Established in Gold Coast among Akan people settled around Kumasi; dominated by Oyoko clan; many clans linked under Osei Tutu after 1650.

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73

Philippine Revolution

The Philippine Revolution, also called the Tagalog War by the Spanish, was a revolution and subsequent conflict fought between the people and insurgents of the Philippines and the Kingdom of Spain

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74

Philippine-American War

armed conflict between the Philippines and the United States from 1899-1902. It was a continuation of the Philippine struggle for independence. The Philippines declared war on the US and it became a savage conflict with guerrilla warfare. Villages were destroyed, civilians were murdered, and prisoners were tortured. The war ended when Aguinaldo surrendered in 1902.

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75

Maori Wars

A series of wars that took place from 1845 to 1872 between the New Zealand government and the native Maori people

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76

Anglo-Zulu War (1879)

War between the British Empire and the Zulu Kingdom. From complex beginnings, the war is notable for several particularly bloody battles, as well as for being a landmark in the timeline of colonialism in the region. The war ended the Zulu nation's independence.(1879)

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77

Treaty of Paris 1898

The treaty that concluded the Spanish American War, Commissioners from the U.S. were sent to Paris on October 1, 1898 to produce a treaty that would bring an end to the war with Spain after six months of hostility. From the treaty America got Guam, Puerto Rico and they paid 20 million dollars for the Philippines. Cuba was freed from Spain.

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78

Proclamation of 1763

A proclamation from the British government which forbade British colonists from settling west of the Appalachian Mountains, and which required any settlers already living west of the mountains to move back east.

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79

Indian National Congress

group formed by Hindu nationalist leaders of India in the late 1800s to gain greater democracy and eventual self-rule

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80

Cherokee Nation

Native American tribe that was forced to leave their land because of the Indian Removal Act

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Aborigines

Native people of Australia

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82

Xhosa

a member of a South African people traditionally living in the Eastern Cape Province. They form the second largest ethnic group in South Africa after the Zulus.

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83

Mahdi

a Muslim savior of the faith

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84

Pan-Africanism

the principle or advocacy of the political union of all the indigenous inhabitants of Africa.

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85

Sepoy

An Indian soldier serving under British command.

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Raj

British rule after India came under the British crown during the reign of Queen Victoria

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87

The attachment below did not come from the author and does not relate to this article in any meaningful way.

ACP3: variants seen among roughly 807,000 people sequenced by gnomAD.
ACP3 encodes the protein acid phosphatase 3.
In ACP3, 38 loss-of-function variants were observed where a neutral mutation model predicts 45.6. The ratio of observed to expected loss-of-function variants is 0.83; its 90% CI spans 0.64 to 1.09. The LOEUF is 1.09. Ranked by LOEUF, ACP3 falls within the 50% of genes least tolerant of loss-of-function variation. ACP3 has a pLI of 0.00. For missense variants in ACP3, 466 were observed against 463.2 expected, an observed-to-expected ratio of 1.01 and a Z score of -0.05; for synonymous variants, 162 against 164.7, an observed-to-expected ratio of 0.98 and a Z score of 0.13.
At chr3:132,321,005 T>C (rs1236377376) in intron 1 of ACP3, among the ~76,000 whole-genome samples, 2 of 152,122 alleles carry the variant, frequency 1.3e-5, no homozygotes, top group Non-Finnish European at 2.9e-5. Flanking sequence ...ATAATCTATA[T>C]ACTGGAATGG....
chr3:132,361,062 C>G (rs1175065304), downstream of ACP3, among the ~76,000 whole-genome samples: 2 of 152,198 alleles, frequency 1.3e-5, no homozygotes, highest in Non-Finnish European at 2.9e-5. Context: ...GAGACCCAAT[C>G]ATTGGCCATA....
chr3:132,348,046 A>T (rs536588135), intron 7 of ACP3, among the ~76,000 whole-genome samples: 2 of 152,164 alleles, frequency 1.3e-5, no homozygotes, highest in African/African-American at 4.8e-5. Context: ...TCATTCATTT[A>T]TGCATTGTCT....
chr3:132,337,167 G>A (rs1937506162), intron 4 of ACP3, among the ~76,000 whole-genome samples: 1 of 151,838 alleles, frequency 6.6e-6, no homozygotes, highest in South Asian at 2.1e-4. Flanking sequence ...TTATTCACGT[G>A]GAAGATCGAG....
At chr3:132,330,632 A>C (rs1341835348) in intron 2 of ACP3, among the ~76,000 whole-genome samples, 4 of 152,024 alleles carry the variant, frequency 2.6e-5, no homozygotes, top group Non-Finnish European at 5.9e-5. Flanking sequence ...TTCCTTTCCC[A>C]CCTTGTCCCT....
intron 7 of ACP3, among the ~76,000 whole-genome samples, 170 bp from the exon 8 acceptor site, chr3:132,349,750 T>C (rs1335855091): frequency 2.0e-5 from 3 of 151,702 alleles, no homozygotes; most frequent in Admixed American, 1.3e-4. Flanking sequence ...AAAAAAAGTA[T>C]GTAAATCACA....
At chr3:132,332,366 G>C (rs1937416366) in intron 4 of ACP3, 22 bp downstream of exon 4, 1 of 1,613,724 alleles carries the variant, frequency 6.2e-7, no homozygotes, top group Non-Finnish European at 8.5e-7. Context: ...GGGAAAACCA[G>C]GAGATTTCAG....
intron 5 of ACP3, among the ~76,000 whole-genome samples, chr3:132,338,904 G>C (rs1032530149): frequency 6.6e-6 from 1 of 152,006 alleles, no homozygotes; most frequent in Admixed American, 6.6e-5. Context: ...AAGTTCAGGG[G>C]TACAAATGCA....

Guano

Bird droppings used as fertilizer; a major trade item of Peru in the late nineteenth century

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88

Cotton

The plant that produces fibers from which many textiles are woven. Native to India, it spread throughout Asia and then to the New World. It has been a major cash crop in various places, including early Islamic Iran, Korea, Egypt, and the US

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89

Rubber

a tough elastic polymeric substance made from the latex of a tropical plant or synthetically.

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Palm Oil

A West African tropical product often used to make soap; the British encouraged its cultivation as an alternative to the slave trade.

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Ivory

hard white material made from elephant tusks

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92

De Beers Mining Company

Owned by British Cecil Rhodes, this company controlled up to 90% of the world's rough diamonds.

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Cash crop

a crop produced for its commercial value rather than for use by the grower.

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94

export economy

A type of economy in which goods are produced mainly for export rather than for domestic use

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Monoculture

farming strategy in which large fields are planted with a single crop, year after year

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96

railroad

a track or set of tracks made of steel rails along which passenger and freight trains run.

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97

Steamship

The 19th century had new forms of transportation. This new type of water transportation used steam instead of sails.

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98

telegraph

A device for rapid, long-distance transmission of information over an electric wire. It was introduced in England and North America in the 1830s and 1840s.

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99

apartheid

Laws (no longer in effect) in South Africa that physically separated different races into different geographic areas.

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Spice Islands

Europeans' name for the Moluccas, islands rich in cloves and nutmeg